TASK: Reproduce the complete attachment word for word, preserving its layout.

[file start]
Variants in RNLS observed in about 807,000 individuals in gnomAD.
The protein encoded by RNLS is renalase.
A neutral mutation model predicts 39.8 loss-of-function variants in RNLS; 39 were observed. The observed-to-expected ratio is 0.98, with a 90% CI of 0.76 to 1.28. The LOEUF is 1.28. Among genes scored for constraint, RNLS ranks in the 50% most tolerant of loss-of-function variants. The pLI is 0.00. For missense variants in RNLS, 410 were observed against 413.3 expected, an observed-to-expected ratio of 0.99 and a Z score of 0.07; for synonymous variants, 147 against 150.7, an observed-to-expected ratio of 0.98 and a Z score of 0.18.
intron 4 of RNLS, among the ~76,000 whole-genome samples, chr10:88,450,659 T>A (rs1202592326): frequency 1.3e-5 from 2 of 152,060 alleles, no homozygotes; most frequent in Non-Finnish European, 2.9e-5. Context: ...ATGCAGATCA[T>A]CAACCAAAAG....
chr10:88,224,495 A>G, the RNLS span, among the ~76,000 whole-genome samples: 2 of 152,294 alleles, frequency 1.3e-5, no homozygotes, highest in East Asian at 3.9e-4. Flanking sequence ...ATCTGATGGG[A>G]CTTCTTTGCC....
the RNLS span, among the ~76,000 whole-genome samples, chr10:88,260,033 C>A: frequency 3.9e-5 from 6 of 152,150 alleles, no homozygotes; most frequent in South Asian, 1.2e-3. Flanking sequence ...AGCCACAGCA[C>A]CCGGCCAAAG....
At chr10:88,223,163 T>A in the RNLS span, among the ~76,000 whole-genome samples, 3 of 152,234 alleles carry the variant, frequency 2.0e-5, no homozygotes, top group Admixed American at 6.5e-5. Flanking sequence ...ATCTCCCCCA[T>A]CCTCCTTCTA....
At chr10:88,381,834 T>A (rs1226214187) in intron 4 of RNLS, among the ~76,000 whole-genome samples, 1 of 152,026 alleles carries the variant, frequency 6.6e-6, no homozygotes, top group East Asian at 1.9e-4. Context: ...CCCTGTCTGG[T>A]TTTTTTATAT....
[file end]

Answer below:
Variants in RNLS observed in about 807,000 individuals in gnomAD.
The protein encoded by RNLS is renalase.
A neutral mutation model predicts 39.8 loss-of-function variants in RNLS; 39 were observed. The observed-to-expected ratio is 0.98, with a 90% CI of 0.76 to 1.28. The LOEUF is 1.28. Among genes scored for constraint, RNLS ranks in the 50% most tolerant of loss-of-function variants. The pLI is 0.00. For missense variants in RNLS, 410 were observed against 413.3 expected, an observed-to-expected ratio of 0.99 and a Z score of 0.07; for synonymous variants, 147 against 150.7, an observed-to-expected ratio of 0.98 and a Z score of 0.18.
intron 4 of RNLS, among the ~76,000 whole-genome samples, chr10:88,450,659 T>A (rs1202592326): frequency 1.3e-5 from 2 of 152,060 alleles, no homozygotes; most frequent in Non-Finnish European, 2.9e-5. Context: ...ATGCAGATCA[T>A]CAACCAAAAG....
chr10:88,224,495 A>G, the RNLS span, among the ~76,000 whole-genome samples: 2 of 152,294 alleles, frequency 1.3e-5, no homozygotes, highest in East Asian at 3.9e-4. Flanking sequence ...ATCTGATGGG[A>G]CTTCTTTGCC....
the RNLS span, among the ~76,000 whole-genome samples, chr10:88,260,033 C>A: frequency 3.9e-5 from 6 of 152,150 alleles, no homozygotes; most frequent in South Asian, 1.2e-3. Flanking sequence ...AGCCACAGCA[C>A]CCGGCCAAAG....
At chr10:88,223,163 T>A in the RNLS span, among the ~76,000 whole-genome samples, 3 of 152,234 alleles carry the variant, frequency 2.0e-5, no homozygotes, top group Admixed American at 6.5e-5. Flanking sequence ...ATCTCCCCCA[T>A]CCTCCTTCTA....
At chr10:88,381,834 T>A (rs1226214187) in intron 4 of RNLS, among the ~76,000 whole-genome samples, 1 of 152,026 alleles carries the variant, frequency 6.6e-6, no homozygotes, top group East Asian at 1.9e-4. Context: ...CCCTGTCTGG[T>A]TTTTTTATAT....